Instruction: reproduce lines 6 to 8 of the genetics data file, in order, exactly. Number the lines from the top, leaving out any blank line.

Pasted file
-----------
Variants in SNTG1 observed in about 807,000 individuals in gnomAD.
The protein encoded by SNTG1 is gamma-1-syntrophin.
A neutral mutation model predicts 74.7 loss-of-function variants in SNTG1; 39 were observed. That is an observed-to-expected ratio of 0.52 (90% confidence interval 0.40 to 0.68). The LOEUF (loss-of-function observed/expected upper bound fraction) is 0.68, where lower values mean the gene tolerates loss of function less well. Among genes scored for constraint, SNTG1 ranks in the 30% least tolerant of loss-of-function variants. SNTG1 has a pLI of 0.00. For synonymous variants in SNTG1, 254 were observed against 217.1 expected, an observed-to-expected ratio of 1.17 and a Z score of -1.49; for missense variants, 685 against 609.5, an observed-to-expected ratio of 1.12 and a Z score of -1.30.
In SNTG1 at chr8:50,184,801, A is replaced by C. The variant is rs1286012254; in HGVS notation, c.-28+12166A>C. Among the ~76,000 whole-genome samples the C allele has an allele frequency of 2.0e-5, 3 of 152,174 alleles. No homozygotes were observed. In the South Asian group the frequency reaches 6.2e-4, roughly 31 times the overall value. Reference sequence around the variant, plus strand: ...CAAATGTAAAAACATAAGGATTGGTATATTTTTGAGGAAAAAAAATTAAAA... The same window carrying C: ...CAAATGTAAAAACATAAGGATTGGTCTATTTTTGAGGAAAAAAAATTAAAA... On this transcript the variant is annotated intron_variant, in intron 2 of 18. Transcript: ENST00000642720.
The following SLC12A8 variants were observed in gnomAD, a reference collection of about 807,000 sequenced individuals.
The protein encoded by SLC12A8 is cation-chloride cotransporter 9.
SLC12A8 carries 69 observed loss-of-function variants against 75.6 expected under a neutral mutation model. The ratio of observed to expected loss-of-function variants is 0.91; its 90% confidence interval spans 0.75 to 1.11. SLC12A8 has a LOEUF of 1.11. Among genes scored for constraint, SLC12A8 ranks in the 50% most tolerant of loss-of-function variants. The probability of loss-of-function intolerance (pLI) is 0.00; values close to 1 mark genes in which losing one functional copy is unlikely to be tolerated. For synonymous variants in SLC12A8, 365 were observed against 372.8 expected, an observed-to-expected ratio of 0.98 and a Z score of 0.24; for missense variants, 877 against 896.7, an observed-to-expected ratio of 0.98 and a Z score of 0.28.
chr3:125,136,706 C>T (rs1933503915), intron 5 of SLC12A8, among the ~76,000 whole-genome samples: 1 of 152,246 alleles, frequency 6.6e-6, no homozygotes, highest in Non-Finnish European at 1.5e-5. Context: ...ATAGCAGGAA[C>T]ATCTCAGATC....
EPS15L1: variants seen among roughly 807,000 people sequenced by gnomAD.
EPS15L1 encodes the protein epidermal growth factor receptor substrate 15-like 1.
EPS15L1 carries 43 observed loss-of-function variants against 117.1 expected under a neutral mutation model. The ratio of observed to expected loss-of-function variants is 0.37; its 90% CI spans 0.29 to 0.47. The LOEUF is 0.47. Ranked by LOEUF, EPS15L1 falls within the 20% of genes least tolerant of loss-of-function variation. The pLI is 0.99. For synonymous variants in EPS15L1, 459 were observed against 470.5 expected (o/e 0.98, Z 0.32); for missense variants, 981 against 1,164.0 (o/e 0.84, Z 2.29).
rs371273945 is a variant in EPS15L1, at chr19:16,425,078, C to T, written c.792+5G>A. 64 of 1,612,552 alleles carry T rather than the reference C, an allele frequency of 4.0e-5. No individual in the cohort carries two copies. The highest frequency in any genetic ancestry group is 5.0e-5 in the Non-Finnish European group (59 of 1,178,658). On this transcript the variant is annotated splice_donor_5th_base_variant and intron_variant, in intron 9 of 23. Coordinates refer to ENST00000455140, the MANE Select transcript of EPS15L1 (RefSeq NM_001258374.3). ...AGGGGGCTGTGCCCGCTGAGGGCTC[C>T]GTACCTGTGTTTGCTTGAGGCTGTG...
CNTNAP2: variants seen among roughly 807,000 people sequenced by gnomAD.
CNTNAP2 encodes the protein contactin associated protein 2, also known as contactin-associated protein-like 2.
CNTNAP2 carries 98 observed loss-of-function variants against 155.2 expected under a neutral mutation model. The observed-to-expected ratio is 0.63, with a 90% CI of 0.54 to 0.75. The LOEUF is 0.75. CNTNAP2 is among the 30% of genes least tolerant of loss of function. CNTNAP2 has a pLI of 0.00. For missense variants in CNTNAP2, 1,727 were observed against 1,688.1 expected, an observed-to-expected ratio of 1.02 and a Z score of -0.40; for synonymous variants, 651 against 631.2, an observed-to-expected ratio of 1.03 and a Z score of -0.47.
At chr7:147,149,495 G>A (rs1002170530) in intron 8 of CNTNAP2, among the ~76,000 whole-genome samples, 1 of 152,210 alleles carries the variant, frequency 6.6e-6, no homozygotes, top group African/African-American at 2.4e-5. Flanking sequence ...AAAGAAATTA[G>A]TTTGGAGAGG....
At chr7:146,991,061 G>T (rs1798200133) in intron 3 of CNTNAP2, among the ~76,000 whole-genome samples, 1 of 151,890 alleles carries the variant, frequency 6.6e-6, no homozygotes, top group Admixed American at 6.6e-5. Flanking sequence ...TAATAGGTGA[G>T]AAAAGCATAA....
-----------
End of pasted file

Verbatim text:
The protein encoded by SLC12A8 is cation-chloride cotransporter 9.
SLC12A8 carries 69 observed loss-of-function variants against 75.6 expected under a neutral mutation model. The ratio of observed to expected loss-of-function variants is 0.91; its 90% confidence interval spans 0.75 to 1.11. SLC12A8 has a LOEUF of 1.11. Among genes scored for constraint, SLC12A8 ranks in the 50% most tolerant of loss-of-function variants. The probability of loss-of-function intolerance (pLI) is 0.00; values close to 1 mark genes in which losing one functional copy is unlikely to be tolerated. For synonymous variants in SLC12A8, 365 were observed against 372.8 expected, an observed-to-expected ratio of 0.98 and a Z score of 0.24; for missense variants, 877 against 896.7, an observed-to-expected ratio of 0.98 and a Z score of 0.28.
chr3:125,136,706 C>T (rs1933503915), intron 5 of SLC12A8, among the ~76,000 whole-genome samples: 1 of 152,246 alleles, frequency 6.6e-6, no homozygotes, highest in Non-Finnish European at 1.5e-5. Context: ...ATAGCAGGAA[C>T]ATCTCAGATC....